The Good Life France Magazine

The Good Life France Magazine brings you the best of France - inspirational and exclusive features, fabulous photos, mouth-watering recipes, tips, guides, ideas and much more...

Published by the award winning team at The Good Life France

1 year ago

Summer 2022

Discover captivating Corsica, the island of beauty and glitzy, cinematic Cannes. Explore Antibes, less well known than it's neighbours Nice and Cannes, it's incredibly pretty and authentic, and the Camargue in the south of France where wild white horses and pink flamingoes roam. Come with us to arty Arles, historic Agincourt and Aisne in Picardy - the ancient cradle of France. Meet artisan gin makers in Cognac, discover the prune route of France, fabulous recipes, guides, gorgeous photos, the best tours, what's new in France and delicious recipes - and more...

74 | The Good Life

74 | The Good Life France

Franche-Comté’s UNESCO World Heritage sites Besançon The 17th century Citadel dominated the city of Besançon. Designed by Louis XIV’s military engineer Vauban in 1668, the citadel and 11 other impressive military architectural sites were recognised as a UNESCO World Heritage Site in 2008. The fortifications cover 11 hectares and look out over the old town and the Doubs River. The site is encircled by ramparts with walkways and watchtowers, step out on to the Chemin de rond to walk along the citadel’s outer ramparts though if you’ve not got a head for heights you may not enjoy it. Set atop a hill 100 metres above the city, the walls are up to 20 metres high and 5 to 6 metres thick. The Citadel is home to three museums: the Comtois museum (local life and history), the French Resistance and Deportation museum and the Natural History museum. Besancon Citadel Saline Royale (Royal Saltworks), Arc-et-Senans, Doubs Inscribed on the UNESCO World Heritage List for 40 years, the Saline Royale of Arcet-Senans, commissioned by Louis XV, is the masterpiece of Claude-Nicolas Ledoux. Built between 1775 and 1779, the factory was dedicated to salt production from the briny water of natural springs at Salins some 16km away. A unique monument consisting of eleven buildings, where almost the entire workforce lived as well as worked. Saline Royale © Landscape-drone Grande Saline Saltworks, Salins-les-Bains The Grande Saline salt factory is one of the most ancient industrial sites in France. Salt was produced in this town for more than 1200 years. Sourced from natural saltwater springs, saltier even than the Dead Sea, in the 13th century an underground gallery was created. The cathedral like tunnel is 165m long and part of a vast industrial complex covering two hectares which was built by the Dukes of Burgundy in the Middle Ages to produce the coveted ‘white gold.’ Prehistoric pile dwellings Chalain and Clairvaux Jura In 2011, 111 Prehistoric palaeolithic sites around the Alps were inscribed on the UNESCO World Heritage List as being “representative of prehistoric habitats” from 5000 to 500 BC, located near the main water bodies in the Alpine arc. The Lake Dwelling is an “invisible cultural property.” These prehistoric dwellings were the first underwater cultural property to be inscribed. Now buried and covered with water, the remains including artefacts of every day life including food and fabrics, have been remarkably well preserved in this waterlogged and oxygen deprived environment. The Good Life France | 75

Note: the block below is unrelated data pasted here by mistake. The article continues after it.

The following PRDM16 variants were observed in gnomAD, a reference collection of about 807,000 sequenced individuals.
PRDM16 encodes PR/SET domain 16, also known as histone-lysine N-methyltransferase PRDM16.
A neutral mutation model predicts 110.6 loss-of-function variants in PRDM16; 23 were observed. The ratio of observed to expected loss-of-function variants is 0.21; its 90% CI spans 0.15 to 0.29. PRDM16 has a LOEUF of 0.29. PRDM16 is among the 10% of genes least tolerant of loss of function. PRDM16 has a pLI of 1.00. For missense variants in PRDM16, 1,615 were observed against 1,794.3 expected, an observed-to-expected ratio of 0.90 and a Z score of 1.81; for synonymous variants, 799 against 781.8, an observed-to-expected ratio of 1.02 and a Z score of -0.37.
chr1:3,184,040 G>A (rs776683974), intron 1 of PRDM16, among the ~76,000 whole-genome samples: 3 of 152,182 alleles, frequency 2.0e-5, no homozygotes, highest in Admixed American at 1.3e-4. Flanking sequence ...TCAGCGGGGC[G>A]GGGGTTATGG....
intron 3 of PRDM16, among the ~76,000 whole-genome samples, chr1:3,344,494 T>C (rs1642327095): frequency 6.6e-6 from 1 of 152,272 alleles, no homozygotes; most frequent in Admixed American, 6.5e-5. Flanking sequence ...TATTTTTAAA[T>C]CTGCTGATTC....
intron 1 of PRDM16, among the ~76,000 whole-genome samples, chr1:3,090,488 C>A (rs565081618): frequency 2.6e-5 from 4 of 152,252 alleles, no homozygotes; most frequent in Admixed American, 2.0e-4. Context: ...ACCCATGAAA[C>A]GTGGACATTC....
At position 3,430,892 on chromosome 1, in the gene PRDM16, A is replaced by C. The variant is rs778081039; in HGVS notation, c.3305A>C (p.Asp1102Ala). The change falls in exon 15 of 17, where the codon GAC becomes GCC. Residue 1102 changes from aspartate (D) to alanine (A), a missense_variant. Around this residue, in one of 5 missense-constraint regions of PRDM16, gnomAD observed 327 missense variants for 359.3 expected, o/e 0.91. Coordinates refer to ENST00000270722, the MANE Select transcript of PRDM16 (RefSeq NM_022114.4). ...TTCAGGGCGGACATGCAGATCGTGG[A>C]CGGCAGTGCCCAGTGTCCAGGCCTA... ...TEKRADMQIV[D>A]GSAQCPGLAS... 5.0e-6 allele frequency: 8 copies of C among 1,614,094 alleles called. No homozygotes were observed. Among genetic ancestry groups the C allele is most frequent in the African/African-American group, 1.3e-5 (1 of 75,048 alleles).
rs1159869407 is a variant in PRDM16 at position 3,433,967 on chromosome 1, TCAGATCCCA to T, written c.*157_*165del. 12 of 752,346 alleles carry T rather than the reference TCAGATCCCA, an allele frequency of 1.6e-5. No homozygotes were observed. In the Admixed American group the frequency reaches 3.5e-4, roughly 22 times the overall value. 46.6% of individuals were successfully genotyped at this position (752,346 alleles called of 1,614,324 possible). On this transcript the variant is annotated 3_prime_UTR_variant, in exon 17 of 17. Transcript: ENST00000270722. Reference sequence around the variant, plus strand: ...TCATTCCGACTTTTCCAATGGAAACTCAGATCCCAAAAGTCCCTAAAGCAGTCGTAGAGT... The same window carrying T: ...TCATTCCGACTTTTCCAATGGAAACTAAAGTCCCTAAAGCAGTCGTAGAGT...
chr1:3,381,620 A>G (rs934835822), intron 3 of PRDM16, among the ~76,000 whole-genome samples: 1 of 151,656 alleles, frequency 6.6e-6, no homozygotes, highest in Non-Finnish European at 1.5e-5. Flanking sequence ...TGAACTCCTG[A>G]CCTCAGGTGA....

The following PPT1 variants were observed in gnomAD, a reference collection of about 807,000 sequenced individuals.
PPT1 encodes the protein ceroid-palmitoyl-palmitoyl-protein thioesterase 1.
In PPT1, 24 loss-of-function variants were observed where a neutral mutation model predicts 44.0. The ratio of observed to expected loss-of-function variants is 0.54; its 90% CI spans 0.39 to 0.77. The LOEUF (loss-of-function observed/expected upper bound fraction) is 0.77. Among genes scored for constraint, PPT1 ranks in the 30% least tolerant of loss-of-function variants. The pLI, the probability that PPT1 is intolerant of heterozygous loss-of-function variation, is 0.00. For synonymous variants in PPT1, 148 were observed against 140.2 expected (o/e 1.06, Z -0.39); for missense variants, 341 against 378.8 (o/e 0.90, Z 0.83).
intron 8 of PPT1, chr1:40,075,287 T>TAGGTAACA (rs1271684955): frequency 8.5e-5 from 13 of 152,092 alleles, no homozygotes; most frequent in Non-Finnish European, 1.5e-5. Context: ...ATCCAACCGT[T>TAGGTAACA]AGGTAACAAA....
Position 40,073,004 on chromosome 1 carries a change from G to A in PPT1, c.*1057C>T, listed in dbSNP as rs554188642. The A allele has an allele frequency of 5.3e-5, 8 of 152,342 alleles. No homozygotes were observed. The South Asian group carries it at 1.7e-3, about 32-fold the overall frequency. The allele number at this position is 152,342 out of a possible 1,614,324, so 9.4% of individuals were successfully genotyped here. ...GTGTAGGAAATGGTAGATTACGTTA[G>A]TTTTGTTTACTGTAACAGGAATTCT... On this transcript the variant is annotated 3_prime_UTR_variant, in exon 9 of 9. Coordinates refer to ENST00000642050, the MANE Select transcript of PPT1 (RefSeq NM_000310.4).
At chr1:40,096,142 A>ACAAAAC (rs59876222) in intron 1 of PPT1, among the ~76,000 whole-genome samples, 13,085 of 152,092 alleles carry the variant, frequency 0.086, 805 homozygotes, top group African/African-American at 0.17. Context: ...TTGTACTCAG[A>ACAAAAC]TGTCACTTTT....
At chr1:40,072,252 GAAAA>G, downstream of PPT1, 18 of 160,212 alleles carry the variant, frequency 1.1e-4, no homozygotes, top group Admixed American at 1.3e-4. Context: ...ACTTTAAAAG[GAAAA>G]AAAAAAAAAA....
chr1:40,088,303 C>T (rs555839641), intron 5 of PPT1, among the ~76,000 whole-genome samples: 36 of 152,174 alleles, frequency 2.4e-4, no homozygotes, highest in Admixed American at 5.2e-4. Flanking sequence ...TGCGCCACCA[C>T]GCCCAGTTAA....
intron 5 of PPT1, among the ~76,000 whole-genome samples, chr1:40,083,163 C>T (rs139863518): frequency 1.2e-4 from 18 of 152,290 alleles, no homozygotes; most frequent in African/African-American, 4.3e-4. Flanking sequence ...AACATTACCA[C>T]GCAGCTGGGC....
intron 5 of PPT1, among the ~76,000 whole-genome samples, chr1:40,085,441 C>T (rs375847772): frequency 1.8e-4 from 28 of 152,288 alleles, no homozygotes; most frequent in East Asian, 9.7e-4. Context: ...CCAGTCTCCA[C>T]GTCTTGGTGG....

Copied successfully!